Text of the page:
Now humans can listen to the sound of the center of the Milky Way ‘Pillars of Creation’ and the Cassiopeia A supernova. NASA’s Chandra X-ray Observatory shared a new project that uses sonification to turn astronomical images from Chandra and other telescopes into sound. The project involves transforming data into audio.
The Pillars of Creation refers to the towering tendrils of cosmic dust and gas that sit at the heart of M16 or the Eagle Nebula.
The center of our Milky Way galaxy is too distant for us to visit in person, but we can still explore it.
Telescopes give people a chance to see what the Galactic Center looks like in different types of light.
By translating the inherently digital data (in the form of ones and zeroes) captured by telescopes in space into images, astronomers create visual representations that would otherwise be invisible to us.
But what about experiencing these data with other senses like hearing?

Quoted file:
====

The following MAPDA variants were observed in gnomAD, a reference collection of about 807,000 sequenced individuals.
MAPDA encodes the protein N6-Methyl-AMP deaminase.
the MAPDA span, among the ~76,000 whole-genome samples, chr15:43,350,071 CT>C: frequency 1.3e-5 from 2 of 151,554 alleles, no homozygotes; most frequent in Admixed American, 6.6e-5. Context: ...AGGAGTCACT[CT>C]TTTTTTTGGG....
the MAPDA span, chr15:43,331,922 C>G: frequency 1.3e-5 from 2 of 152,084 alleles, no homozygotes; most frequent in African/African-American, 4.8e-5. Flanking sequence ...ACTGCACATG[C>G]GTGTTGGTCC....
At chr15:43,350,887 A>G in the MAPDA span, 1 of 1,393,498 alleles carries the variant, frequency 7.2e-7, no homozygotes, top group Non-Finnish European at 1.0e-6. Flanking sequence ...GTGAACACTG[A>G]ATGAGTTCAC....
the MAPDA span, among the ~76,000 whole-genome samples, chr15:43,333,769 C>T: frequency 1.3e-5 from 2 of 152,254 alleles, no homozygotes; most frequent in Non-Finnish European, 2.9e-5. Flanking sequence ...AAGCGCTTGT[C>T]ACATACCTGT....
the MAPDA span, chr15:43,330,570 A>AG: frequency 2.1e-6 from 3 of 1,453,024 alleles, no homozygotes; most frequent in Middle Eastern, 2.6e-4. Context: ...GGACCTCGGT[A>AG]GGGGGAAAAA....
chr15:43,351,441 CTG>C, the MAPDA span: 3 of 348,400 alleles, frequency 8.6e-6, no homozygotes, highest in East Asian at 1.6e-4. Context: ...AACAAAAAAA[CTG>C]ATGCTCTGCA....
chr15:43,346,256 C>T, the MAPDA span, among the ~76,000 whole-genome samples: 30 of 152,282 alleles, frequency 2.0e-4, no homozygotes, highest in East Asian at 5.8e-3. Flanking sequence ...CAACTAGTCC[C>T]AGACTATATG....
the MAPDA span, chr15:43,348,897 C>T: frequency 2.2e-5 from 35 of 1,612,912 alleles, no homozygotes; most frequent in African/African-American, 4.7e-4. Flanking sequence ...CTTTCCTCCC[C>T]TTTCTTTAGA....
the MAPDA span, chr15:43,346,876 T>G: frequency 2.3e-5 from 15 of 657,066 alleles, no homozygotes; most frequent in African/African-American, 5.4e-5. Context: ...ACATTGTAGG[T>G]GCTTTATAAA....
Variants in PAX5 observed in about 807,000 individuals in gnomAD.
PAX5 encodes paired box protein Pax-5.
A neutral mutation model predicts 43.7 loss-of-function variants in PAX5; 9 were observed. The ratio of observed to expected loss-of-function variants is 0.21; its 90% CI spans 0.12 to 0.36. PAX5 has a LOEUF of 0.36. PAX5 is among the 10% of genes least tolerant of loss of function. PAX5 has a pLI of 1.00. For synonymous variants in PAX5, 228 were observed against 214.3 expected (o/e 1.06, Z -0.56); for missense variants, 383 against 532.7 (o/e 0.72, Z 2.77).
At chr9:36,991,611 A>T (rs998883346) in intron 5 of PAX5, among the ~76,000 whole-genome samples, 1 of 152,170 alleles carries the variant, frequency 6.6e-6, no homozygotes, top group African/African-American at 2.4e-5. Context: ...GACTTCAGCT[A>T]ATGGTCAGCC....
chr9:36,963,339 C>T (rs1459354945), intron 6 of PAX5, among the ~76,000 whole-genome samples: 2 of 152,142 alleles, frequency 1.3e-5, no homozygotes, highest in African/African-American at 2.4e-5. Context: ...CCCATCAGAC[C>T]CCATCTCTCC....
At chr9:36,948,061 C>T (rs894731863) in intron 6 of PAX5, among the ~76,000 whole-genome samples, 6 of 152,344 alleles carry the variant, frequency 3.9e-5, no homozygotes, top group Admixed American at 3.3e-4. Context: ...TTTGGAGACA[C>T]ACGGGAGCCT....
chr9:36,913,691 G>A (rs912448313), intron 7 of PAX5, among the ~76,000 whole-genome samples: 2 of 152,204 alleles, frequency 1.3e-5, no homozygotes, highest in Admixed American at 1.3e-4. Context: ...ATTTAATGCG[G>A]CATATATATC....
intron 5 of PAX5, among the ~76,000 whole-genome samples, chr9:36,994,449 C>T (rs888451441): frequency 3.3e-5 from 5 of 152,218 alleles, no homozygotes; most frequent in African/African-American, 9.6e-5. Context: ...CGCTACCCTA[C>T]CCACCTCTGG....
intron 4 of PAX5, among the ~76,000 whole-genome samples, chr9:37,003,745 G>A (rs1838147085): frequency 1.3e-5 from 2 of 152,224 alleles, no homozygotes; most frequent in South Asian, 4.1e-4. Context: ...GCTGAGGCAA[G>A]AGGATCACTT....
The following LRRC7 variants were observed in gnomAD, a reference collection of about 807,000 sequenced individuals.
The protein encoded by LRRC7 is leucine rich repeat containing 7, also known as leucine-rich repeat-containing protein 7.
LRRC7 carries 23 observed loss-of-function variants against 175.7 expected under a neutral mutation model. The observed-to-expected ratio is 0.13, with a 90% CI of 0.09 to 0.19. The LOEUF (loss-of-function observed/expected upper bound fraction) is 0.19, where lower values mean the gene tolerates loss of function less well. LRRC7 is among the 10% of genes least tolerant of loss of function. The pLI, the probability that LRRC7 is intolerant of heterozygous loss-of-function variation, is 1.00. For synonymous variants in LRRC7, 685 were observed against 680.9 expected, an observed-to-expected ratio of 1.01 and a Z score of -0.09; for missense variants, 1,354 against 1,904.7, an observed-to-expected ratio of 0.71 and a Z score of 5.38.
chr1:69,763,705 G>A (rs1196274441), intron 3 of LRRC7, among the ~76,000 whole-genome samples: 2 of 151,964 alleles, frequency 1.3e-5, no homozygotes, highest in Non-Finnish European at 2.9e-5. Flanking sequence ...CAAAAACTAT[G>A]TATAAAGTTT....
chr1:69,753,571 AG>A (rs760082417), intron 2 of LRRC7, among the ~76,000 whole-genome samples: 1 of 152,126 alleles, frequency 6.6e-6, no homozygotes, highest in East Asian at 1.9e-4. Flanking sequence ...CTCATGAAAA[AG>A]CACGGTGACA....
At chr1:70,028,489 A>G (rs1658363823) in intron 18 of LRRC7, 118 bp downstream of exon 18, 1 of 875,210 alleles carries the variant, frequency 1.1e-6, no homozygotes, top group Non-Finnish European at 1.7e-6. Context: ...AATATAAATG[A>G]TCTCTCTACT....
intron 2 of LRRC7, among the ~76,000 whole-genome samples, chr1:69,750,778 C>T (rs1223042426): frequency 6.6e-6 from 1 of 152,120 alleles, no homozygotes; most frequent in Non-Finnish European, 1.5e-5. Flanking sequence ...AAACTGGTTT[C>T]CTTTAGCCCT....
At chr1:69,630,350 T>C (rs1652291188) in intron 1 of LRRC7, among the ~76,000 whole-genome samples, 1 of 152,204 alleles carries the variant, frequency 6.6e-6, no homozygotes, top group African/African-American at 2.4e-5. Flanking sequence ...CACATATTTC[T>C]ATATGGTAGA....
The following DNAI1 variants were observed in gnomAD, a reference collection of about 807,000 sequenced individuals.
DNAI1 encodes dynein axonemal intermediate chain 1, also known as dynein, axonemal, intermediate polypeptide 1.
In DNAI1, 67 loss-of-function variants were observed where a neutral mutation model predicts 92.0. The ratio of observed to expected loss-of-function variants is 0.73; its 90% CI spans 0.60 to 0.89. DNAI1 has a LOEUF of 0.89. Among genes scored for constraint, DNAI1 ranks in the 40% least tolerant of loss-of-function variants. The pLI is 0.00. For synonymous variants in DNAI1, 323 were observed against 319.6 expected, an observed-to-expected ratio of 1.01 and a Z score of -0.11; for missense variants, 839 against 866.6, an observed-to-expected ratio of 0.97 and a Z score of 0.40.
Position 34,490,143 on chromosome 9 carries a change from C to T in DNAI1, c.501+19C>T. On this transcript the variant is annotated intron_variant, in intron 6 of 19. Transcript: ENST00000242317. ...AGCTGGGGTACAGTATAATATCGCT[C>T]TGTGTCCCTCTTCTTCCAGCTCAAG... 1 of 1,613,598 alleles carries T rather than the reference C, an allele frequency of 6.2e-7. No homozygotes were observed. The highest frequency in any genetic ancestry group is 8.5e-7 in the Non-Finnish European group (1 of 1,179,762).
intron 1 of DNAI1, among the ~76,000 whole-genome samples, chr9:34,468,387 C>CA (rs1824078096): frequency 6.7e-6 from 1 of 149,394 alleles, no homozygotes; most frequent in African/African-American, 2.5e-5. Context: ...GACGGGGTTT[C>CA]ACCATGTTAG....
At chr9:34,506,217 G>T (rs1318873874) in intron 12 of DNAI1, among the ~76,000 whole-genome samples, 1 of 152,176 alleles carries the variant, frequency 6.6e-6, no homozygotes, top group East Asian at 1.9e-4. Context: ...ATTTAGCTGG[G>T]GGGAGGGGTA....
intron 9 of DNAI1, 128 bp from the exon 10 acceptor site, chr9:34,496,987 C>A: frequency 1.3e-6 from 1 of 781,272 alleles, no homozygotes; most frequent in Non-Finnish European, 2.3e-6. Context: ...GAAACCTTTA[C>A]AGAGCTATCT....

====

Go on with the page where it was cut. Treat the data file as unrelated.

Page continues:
Sonification is the process that translates data into sound, NASA said.
The translation begins on the left side of the image and moves to the right, with the sounds representing the position and brightness of the sources.
The light of objects located towards the top of the image is heard as higher pitches while the intensity of the light controls the volume.
Stars and compact sources are converted to individual notes while extended clouds of gas and dust produce an evolving drone.
The crescendo happens when users reach the bright region to the lower right of the image.
This is where the 4-million-solar-mass supermassive black hole at the center of the Galaxy, known as Sagittarius A-star, resides, and where the clouds of gas and dust are the brightest.